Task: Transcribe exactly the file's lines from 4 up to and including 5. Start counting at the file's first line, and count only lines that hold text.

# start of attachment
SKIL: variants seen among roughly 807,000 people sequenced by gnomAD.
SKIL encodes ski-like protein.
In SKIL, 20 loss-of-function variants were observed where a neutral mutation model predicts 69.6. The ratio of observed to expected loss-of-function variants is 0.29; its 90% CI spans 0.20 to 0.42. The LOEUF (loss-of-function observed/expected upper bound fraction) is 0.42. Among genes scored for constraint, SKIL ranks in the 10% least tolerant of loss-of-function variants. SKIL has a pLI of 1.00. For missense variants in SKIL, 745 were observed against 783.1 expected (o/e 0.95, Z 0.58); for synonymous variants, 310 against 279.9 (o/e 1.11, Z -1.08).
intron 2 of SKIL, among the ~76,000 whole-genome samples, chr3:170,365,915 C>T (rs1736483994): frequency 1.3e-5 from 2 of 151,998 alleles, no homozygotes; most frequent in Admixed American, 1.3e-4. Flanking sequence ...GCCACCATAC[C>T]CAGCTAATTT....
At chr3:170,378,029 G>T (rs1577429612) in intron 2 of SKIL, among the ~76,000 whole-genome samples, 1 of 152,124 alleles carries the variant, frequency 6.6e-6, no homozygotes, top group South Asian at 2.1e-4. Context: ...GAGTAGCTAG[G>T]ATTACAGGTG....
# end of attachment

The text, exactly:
intron 2 of SKIL, among the ~76,000 whole-genome samples, chr3:170,365,915 C>T (rs1736483994): frequency 1.3e-5 from 2 of 151,998 alleles, no homozygotes; most frequent in Admixed American, 1.3e-4. Flanking sequence ...GCCACCATAC[C>T]CAGCTAATTT....
At chr3:170,378,029 G>T (rs1577429612) in intron 2 of SKIL, among the ~76,000 whole-genome samples, 1 of 152,124 alleles carries the variant, frequency 6.6e-6, no homozygotes, top group South Asian at 2.1e-4. Context: ...GAGTAGCTAG[G>T]ATTACAGGTG....